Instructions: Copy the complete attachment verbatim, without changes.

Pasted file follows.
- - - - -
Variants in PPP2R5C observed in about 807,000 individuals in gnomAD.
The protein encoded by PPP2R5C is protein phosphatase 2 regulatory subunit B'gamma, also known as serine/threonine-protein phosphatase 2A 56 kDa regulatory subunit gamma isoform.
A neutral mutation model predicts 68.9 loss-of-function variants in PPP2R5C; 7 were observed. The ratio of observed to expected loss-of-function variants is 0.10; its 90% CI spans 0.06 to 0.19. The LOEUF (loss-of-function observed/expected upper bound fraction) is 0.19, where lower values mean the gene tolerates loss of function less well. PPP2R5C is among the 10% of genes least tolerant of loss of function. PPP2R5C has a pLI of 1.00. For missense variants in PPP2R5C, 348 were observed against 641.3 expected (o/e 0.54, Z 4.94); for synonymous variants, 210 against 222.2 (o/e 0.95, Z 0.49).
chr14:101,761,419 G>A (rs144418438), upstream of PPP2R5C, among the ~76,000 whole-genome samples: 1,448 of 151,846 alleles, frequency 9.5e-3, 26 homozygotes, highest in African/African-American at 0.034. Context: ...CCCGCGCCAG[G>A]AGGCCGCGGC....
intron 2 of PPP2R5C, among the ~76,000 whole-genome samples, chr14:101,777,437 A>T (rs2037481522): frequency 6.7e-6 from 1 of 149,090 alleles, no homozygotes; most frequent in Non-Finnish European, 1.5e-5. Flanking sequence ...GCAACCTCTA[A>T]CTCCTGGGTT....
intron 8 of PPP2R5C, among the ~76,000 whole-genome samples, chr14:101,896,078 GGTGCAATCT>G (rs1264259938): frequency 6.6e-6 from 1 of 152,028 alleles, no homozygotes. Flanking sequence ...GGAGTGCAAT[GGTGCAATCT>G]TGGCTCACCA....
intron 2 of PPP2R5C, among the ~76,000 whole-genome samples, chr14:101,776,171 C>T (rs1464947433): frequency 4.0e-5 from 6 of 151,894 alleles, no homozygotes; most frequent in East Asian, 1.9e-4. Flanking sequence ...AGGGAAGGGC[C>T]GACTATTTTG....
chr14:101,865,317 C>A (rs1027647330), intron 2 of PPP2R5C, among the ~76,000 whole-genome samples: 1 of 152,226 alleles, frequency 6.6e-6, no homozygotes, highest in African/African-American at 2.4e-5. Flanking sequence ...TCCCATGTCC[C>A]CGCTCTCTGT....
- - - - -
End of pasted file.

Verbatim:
Variants in PPP2R5C observed in about 807,000 individuals in gnomAD.
The protein encoded by PPP2R5C is protein phosphatase 2 regulatory subunit B'gamma, also known as serine/threonine-protein phosphatase 2A 56 kDa regulatory subunit gamma isoform.
A neutral mutation model predicts 68.9 loss-of-function variants in PPP2R5C; 7 were observed. The ratio of observed to expected loss-of-function variants is 0.10; its 90% CI spans 0.06 to 0.19. The LOEUF (loss-of-function observed/expected upper bound fraction) is 0.19, where lower values mean the gene tolerates loss of function less well. PPP2R5C is among the 10% of genes least tolerant of loss of function. PPP2R5C has a pLI of 1.00. For missense variants in PPP2R5C, 348 were observed against 641.3 expected (o/e 0.54, Z 4.94); for synonymous variants, 210 against 222.2 (o/e 0.95, Z 0.49).
chr14:101,761,419 G>A (rs144418438), upstream of PPP2R5C, among the ~76,000 whole-genome samples: 1,448 of 151,846 alleles, frequency 9.5e-3, 26 homozygotes, highest in African/African-American at 0.034. Context: ...CCCGCGCCAG[G>A]AGGCCGCGGC....
intron 2 of PPP2R5C, among the ~76,000 whole-genome samples, chr14:101,777,437 A>T (rs2037481522): frequency 6.7e-6 from 1 of 149,090 alleles, no homozygotes; most frequent in Non-Finnish European, 1.5e-5. Flanking sequence ...GCAACCTCTA[A>T]CTCCTGGGTT....
intron 8 of PPP2R5C, among the ~76,000 whole-genome samples, chr14:101,896,078 GGTGCAATCT>G (rs1264259938): frequency 6.6e-6 from 1 of 152,028 alleles, no homozygotes. Flanking sequence ...GGAGTGCAAT[GGTGCAATCT>G]TGGCTCACCA....
intron 2 of PPP2R5C, among the ~76,000 whole-genome samples, chr14:101,776,171 C>T (rs1464947433): frequency 4.0e-5 from 6 of 151,894 alleles, no homozygotes; most frequent in East Asian, 1.9e-4. Flanking sequence ...AGGGAAGGGC[C>T]GACTATTTTG....
chr14:101,865,317 C>A (rs1027647330), intron 2 of PPP2R5C, among the ~76,000 whole-genome samples: 1 of 152,226 alleles, frequency 6.6e-6, no homozygotes, highest in African/African-American at 2.4e-5. Flanking sequence ...TCCCATGTCC[C>A]CGCTCTCTGT....